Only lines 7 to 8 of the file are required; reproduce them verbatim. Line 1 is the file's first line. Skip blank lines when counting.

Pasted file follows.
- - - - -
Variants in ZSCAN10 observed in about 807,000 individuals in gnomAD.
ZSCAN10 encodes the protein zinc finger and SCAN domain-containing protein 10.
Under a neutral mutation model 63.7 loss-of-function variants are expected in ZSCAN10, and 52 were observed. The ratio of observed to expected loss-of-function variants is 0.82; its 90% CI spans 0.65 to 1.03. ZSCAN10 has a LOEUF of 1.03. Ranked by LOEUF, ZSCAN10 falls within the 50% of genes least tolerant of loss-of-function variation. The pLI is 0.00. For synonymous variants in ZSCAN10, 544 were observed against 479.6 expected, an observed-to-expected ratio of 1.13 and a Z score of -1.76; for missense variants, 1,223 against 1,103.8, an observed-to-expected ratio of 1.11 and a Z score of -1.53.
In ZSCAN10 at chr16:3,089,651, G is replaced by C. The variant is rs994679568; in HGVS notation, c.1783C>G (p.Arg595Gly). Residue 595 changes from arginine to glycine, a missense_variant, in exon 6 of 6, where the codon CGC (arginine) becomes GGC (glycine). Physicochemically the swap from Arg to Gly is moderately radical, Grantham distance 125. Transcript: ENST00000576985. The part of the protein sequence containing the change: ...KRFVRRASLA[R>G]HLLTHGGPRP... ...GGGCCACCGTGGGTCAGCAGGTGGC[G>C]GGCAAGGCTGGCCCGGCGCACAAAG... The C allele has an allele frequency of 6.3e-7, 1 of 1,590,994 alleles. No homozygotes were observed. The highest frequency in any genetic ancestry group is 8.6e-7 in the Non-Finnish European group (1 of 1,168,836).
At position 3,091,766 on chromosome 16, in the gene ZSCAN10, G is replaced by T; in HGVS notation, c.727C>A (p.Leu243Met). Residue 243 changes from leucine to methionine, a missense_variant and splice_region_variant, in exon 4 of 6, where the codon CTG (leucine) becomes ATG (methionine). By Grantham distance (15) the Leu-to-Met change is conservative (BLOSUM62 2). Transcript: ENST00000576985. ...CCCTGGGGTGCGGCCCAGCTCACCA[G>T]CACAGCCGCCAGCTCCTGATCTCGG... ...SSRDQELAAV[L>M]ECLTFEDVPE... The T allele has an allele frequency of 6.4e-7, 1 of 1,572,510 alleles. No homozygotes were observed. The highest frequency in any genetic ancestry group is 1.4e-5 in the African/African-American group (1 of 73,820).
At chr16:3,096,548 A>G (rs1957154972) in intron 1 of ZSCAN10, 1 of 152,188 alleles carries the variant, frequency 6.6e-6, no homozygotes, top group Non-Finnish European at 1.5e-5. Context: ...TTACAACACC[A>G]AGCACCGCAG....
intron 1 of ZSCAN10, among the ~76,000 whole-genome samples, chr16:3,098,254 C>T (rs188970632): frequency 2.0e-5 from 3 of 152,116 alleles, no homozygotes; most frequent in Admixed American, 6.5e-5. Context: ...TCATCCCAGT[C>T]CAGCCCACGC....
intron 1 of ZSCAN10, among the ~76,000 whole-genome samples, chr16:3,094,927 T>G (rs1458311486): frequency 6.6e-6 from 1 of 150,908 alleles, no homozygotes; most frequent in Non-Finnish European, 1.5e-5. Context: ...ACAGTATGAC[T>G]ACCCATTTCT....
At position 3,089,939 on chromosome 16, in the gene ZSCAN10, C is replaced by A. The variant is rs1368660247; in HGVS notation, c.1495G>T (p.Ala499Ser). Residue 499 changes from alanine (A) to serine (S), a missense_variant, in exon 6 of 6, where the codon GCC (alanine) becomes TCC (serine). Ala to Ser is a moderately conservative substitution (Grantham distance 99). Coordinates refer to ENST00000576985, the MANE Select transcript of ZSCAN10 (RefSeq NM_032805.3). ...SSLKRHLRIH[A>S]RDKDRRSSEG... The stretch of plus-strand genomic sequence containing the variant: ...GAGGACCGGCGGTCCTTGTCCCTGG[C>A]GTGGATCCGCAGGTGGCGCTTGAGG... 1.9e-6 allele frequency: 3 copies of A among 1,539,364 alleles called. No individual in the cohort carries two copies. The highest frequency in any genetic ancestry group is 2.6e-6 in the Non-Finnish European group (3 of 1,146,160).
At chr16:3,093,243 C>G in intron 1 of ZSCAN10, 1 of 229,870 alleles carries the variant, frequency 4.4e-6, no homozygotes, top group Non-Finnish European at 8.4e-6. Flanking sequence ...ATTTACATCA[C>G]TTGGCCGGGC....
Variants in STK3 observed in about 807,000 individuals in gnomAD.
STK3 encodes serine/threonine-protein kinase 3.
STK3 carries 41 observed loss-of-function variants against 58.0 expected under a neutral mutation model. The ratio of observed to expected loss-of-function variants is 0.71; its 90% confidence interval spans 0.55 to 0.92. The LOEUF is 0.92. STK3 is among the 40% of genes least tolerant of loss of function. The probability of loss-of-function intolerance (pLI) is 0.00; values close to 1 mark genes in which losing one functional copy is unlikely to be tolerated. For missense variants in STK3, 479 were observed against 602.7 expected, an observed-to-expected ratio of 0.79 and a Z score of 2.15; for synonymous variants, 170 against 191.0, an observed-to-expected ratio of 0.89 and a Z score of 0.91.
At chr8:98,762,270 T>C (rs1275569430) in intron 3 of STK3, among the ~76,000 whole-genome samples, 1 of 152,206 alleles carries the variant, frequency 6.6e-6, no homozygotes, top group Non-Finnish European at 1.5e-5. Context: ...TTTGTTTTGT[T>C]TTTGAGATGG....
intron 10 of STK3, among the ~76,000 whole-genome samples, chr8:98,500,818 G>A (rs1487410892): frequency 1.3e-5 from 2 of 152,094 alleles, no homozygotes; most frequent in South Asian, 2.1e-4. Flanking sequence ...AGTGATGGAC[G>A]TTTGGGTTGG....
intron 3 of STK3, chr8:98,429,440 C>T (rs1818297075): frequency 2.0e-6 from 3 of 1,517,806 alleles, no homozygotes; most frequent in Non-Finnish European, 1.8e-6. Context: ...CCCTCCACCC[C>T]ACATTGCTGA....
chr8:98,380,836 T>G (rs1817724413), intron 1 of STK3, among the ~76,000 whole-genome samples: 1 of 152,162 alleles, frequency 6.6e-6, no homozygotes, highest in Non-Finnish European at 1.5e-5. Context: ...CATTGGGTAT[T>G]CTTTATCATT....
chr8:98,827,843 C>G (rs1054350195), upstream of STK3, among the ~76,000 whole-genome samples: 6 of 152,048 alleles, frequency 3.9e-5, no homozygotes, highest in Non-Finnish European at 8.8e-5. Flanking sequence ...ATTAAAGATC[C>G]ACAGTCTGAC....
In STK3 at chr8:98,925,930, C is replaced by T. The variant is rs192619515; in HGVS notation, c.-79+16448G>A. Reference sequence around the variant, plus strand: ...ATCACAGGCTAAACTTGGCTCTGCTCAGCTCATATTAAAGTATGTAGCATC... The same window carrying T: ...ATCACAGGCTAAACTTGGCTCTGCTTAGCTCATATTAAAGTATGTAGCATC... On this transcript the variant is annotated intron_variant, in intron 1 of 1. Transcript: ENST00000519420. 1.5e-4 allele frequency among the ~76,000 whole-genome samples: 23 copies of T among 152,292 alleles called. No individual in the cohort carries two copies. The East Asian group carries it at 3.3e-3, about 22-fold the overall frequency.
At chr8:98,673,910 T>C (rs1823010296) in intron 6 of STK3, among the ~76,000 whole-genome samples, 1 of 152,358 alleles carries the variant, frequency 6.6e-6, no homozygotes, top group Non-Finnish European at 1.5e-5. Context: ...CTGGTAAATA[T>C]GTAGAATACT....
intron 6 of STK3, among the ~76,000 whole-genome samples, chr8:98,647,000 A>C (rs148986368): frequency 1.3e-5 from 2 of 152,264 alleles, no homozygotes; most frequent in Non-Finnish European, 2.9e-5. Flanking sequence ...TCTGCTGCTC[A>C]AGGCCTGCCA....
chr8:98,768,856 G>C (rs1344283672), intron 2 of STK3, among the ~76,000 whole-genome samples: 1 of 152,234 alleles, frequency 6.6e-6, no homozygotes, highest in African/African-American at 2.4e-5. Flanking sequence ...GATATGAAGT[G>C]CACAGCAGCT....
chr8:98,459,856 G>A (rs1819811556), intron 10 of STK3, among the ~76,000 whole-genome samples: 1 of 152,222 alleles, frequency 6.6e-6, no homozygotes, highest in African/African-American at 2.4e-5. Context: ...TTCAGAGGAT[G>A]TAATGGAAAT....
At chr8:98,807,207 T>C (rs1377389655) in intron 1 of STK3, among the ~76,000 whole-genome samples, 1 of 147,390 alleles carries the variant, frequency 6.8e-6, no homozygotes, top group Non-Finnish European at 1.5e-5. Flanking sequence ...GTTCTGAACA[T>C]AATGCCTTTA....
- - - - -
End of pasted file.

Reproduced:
intron 1 of ZSCAN10, among the ~76,000 whole-genome samples, chr16:3,098,254 C>T (rs188970632): frequency 2.0e-5 from 3 of 152,116 alleles, no homozygotes; most frequent in Admixed American, 6.5e-5. Context: ...TCATCCCAGT[C>T]CAGCCCACGC....
intron 1 of ZSCAN10, among the ~76,000 whole-genome samples, chr16:3,094,927 T>G (rs1458311486): frequency 6.6e-6 from 1 of 150,908 alleles, no homozygotes; most frequent in Non-Finnish European, 1.5e-5. Context: ...ACAGTATGAC[T>G]ACCCATTTCT....